Eating Disorder Awareness Week. Time To Go.
It is about to hit us. Or did it come and go? Whatever, I think it is time to be stopped. Years ago, no one knew anything about eating disorders. No one understood and knew how to recognise the signs and symptoms in either themselves or other people. This is no longer true.
I agree that people with eating disorders are stigmatised. ED awareness hasn’t changed that. In fact, I fear that ED awareness week normalises eating disorders and can make them “cooler”. Even doctors regard people with bulimia as young and silly; They regard anorexia as a vanity illness suffered by wilful and irrational people. The public still regards compulsive eaters as weak. The new rash of articles about men with eating disorders is helping to bring sufferers into treatment but these articles don’t change the general image of people with eating disorders as being mentally ill. Parents want to keep their children away from someone with an eating disorder in case of infection. You wouldn’t want to ask them home for tea.
Well-meaning people in their hundreds go into schools to teach Health and Education studies about eating disorders. We KNOW that this is not a useful way to do prevention. It does little to change the incidence of problems. In some cases makes the situation worse by sensitising vulnerable girls and boys about issues of food and weight.
Eating disorder activists don’t like to read this; but I publish the evidence in good faith. I know what kind of prevention doesn’t work. Many times I have tried to persuade a former ED sufferer not to go into schools to warn about the dangers of self-starvation or purging. If you tell someone not to do something, chances are they will.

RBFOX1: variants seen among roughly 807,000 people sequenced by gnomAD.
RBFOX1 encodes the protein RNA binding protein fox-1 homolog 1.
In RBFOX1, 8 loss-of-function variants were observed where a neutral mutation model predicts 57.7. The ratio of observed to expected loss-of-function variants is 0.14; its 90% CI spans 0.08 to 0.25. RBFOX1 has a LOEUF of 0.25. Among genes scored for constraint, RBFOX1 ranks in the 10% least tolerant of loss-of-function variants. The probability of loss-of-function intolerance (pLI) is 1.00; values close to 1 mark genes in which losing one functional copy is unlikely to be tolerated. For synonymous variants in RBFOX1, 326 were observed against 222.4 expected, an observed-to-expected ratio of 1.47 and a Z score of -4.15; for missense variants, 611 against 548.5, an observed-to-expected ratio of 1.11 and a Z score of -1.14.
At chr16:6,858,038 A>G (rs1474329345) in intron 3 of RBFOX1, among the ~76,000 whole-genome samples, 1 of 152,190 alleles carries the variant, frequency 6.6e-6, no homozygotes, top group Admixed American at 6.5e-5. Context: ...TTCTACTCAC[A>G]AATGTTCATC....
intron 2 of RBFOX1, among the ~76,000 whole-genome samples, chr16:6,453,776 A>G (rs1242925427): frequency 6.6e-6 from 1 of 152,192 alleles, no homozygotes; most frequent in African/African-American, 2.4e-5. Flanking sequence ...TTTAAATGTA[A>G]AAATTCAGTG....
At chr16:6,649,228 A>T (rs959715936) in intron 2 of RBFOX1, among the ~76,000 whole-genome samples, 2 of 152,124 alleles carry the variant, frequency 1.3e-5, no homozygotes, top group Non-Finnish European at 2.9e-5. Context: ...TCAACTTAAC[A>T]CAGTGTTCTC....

When people with eating disorders get to an investigative journalist, they are portrayed in sensationalist ways. Does this help? Or does it enhance a sense of disgust and revulsion among onlookers. You even get a chance to hear about purging in 3D. Let’s face it, the symptoms of an eating disorder are unpleasant; people do terrible, unbelievable things to themselves because of their apparent fears of fatness.
People respond to this with fear and disgust rather than compassion.
I really get cross about eating disorder charities that run Marathons to raise eating disorder awareness. It’s one more excuse for sufferers to burn calories to remain thin. Why not do some good in local communities like pick up the trash or clean the beaches?
And, I’m worried about fetishism of eating distress. I wonder why we don’t have Depression Awareness Week, or Borderline Personality Disorder Awareness week? Self-harm awareness week? There are enough mental illnesses these days to occupy our thoughts every day.
What is this going to do to people who aren’t suffering from a mental health disorder? Feel left out?
Let’s have an informed debate about what it is helpful to communicate – such as who is really qualified to help people with eating disorders; or, how to help schools develop an eating disorder policy to protect the healthy as well as the ill. Or how to encourage young people to ask for help if they are unhappy – that usually goes before an eating disorder sets in.
I’m game for a reasonable discussion about this – contact admin@ncfed,com or reply on our Facebook page if you disagree.